• To increase recorded evidence of service user’s experience and involvement in their own care
Rationale:
o To ensure that the broad range of approaches used on a daily basis to involve service users in their care are captured in a meaningful way and documented within their care records.


Excerpts from Southern Health Foundation NHS Trust Annual Report 2012/13 (available here file:///C:/Users/hattonc/Downloads/HANTSPART%20Annual%20%20Report%20and%20Accounts%202012-13%20(1).pdf )

Quality Report pages 40-41

Commissioning for Quality and Innovation framework (CQUIN)

A proportion of Southern Health income in 2012/13 was conditional upon achieving quality improvement and innovation goals agreed between Southern Health and any person or body they entered into a contract, agreement or arrangement with for the provision of relevant health services, through the Commissioning for Quality and Innovation payment framework. Further details of the agreed goals for 2012/13 and for the following 12 month period are available online at:
www.gov.uk/government/news/commission-for-quality-and-innovation-scheme-data-available

In 2012/13 income totalling £5,446,826 million was conditional upon the Trust achieving quality
improvement and innovation goals. In 2011/12 income totalling £0.886 million was conditional upon the Trust achieving quality improvement and innovation goals, of which payment of £0.772 million were received.
There is a table of CQUINs on page 41 of the Quality Report – cannot copy the table but it includes (as well as CQUINs for three other commissioners that specifically mention learning disability services):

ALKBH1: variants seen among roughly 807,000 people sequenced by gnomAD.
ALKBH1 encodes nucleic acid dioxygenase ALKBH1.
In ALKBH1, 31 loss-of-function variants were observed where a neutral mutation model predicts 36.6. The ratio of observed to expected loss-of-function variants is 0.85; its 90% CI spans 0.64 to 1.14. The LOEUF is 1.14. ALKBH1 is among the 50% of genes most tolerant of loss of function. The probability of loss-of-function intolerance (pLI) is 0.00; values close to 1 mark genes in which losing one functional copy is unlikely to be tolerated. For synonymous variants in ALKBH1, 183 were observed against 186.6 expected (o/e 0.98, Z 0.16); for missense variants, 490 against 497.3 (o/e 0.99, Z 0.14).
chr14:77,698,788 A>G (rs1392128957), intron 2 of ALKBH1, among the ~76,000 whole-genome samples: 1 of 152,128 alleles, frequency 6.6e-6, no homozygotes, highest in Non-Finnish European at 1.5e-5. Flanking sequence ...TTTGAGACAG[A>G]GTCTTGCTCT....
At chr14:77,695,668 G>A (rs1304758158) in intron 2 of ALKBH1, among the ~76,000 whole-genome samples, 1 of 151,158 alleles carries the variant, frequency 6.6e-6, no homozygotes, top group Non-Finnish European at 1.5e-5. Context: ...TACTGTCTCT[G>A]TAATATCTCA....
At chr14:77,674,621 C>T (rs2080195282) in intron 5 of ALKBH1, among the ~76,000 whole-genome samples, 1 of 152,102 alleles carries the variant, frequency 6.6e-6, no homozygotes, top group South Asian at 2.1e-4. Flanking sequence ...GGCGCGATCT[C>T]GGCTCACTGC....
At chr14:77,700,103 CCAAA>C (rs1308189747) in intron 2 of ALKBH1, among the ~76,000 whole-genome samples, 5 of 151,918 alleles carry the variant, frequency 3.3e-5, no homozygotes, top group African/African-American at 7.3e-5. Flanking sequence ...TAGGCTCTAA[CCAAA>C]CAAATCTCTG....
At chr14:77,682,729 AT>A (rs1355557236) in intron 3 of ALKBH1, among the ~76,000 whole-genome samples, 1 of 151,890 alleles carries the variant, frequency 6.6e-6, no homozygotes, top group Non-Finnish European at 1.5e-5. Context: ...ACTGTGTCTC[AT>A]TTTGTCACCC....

Commissioner: Oxfordshire
Service Area:      Learning Disabilities
Scheme:               Improving access to general healthcare for adults with learning disabilities
                                Service user involvement
                                Prison liaison
                                Dysphasia
Available £:         £153,974

Quality Report pages 54-55

Joint Feedback Statement from Oxfordshire County Council and Oxfordshire Clinical
Commissioning Group

Oxfordshire Clinical Commissioning Group (OCCG) has reviewed the Southern Health NHS Foundation Trust Quality Account for 2012-13. There is evidence that the Trust has relied on both internal and external assurance mechanisms to produce this report. OCCG is satisfied that the Account meets the nationally mandated criteria for a Quality Account and that the document does not contain any inaccuracies to the best knowledge of the CCG.

Oxfordshire CCG’s comments are confined to Southern Health NHS FT services which were previously provided by the Ridgeway Partnership NHS Trust. The contract with Southern Health NHS FT for learning disability services is managed by Oxfordshire County Council under the section 75 agreement.

Oxfordshire CCG is pleased to see the Southern Health NHS FT’s approach to quality and look forward to Oxfordshire learning disability services realising the benefits of the integration. We hope that the integration with Southern Health will address the concerns expressed last year by NHS Oxfordshire about the lack of emphasis on continuous improvement of LD services and the lack of information to demonstrate quality. 

Oxfordshire CCG will work together with Oxfordshire County Council and Southern Health NHS FT to ensure that the learning disability services in Oxfordshire are not isolated from the rest of the Southern Health NHS FT and are therefore able to develop a culture of continuous improvement. OCCG will continue to seek assurance that a robust safety culture is developed and evidenced.